The Urban-Rural Split in Numbers

Quico says: So I wanted to take a more systematic look at the Urban-Rural split in Sunday’s elections. Here’s what I did:

Using data from the 2000 Census (out of date, but the best we have) – I made a simple ranking of municipios according to the percentage of its inhabitants living in apartments. I think that’s a reasonable proxy for the “urbanness” of a place – certainly, it’s the best we can do with Census data.

With that list, it was easy to figure out that half of the Venezuelan population lives in 52 municipios where more than 6% of residents live in apartments, and the other half live in the remaining 286 municipios, where less than 6% of the residents call an apartment home. Lets call those first 52 municipios the Urban Half, the remaining 286 the Rural Half.

(Caveat: this is an approximation. As everyone knows, Venezuela is about 85% urban, so the “rural” half still contains places like San Juan de los Morros that a geographer would probably call urban: for our purposes, all that matters is that places like that are “less urban than the place where the average Venezuelan lives.”)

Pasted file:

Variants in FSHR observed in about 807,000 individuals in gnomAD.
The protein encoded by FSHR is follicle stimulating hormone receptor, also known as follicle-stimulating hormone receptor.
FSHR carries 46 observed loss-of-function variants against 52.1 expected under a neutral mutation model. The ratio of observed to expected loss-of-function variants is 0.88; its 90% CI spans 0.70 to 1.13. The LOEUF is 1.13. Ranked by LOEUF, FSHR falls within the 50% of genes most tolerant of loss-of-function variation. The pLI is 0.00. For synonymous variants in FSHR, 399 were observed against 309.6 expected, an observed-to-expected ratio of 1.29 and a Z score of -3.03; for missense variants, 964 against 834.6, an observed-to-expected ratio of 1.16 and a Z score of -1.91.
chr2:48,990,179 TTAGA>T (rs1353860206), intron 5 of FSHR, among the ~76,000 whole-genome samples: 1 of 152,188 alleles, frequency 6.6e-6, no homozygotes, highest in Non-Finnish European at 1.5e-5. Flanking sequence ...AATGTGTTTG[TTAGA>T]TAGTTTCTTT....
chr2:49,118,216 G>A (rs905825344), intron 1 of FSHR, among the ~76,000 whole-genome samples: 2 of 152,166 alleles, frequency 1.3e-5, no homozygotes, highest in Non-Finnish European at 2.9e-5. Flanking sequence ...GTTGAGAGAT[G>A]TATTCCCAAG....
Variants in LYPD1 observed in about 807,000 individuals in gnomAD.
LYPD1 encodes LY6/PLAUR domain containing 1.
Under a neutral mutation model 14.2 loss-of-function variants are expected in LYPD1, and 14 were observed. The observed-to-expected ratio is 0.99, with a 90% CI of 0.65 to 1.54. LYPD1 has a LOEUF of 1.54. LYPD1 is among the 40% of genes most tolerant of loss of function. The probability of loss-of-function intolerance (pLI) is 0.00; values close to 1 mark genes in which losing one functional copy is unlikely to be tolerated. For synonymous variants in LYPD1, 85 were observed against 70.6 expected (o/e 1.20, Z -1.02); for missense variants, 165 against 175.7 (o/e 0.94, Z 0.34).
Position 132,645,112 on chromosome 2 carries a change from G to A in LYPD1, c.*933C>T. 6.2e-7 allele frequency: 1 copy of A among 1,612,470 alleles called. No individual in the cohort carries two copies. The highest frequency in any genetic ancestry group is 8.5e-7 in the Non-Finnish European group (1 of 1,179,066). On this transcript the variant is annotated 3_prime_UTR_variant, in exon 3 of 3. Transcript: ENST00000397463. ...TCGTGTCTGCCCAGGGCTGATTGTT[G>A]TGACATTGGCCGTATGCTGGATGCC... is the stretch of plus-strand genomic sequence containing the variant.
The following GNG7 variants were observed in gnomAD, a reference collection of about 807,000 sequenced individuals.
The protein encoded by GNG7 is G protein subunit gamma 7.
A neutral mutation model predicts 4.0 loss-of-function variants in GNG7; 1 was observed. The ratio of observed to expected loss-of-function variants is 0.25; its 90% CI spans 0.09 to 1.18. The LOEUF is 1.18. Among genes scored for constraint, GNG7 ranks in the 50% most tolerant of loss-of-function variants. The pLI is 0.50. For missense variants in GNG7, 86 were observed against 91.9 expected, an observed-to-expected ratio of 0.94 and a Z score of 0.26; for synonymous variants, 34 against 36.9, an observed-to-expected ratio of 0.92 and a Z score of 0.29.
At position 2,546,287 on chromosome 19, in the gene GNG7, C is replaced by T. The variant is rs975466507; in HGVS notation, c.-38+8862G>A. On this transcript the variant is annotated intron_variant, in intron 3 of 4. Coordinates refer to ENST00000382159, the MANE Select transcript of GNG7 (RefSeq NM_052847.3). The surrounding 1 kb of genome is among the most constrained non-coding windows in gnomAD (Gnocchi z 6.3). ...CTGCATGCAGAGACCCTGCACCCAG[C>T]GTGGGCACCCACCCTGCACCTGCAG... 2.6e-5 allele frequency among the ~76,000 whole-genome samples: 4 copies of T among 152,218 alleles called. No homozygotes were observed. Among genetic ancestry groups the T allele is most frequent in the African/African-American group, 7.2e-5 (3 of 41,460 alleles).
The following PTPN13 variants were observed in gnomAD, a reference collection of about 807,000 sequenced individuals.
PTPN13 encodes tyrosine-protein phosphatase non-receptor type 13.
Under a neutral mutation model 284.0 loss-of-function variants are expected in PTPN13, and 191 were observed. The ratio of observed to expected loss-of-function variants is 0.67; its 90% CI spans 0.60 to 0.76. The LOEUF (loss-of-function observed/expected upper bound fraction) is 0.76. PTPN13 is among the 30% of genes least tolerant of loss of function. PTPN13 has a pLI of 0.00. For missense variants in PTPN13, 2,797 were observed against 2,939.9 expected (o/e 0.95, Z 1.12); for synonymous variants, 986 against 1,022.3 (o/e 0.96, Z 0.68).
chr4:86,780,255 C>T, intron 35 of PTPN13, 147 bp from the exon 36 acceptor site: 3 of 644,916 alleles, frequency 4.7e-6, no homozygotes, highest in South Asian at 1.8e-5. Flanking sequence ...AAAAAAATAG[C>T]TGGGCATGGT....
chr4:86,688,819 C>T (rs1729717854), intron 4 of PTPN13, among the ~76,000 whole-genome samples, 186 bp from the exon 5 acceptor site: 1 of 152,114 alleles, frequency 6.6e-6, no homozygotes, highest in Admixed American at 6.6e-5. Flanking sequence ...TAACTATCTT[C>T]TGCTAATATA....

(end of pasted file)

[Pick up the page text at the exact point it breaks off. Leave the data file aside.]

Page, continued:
Next, I made this spreadsheet looking at the results of races for mayor in the Urban Half.

First things first: the opposition won just 16 of those 52 municipios, while PSUV won 36. Overall, PSUV-backed candidates took 46.5% of the vote in the Urban Half, the main opposition candidates took 44.6%. Chavista dissidents (PPT, PCV and MEP candidates in places where they weren’t backing the PSUV guy) got 1.8% and microparties got 1.7% of the vote.

But – and here’s the dousy – Opposition Disunity candidates took 5.4% of the vote in the Urban Half. Enough to doom us in more than a few municipios.

Nonetheles, in the Urban Half, anti-Chávez candidates won more votes than chavista candidates.

Lump the PPTistas and commies in with PSUV, and the oppo disunity guys with the mainline oppo, and the election in the Urban Half of the country came out like this:

This next part is more approximative.

It would’ve been way too time-consuming to calculate another spreadsheet for 286 bumf*#k nowhere rural counties, so I cheated. I subtracted each side’s urban votes from its nationwide vote for governor, and called the difference its rural vote. For comparability’s sake, I also chucked out the microparties.

That yielded this rough-and-ready estimate of the Urban-Rural split:

Chavismo’s entire advantage is down to a better than 3-to-2 split in the Rural Half!

Or, coming at it from a different angle, 60% of opposition votes come from the Urban Half, while just 47% of chavismo’s votes nationwide come from the 52 most urban municipios.

Which, I still think, pretty much tells the story of this election.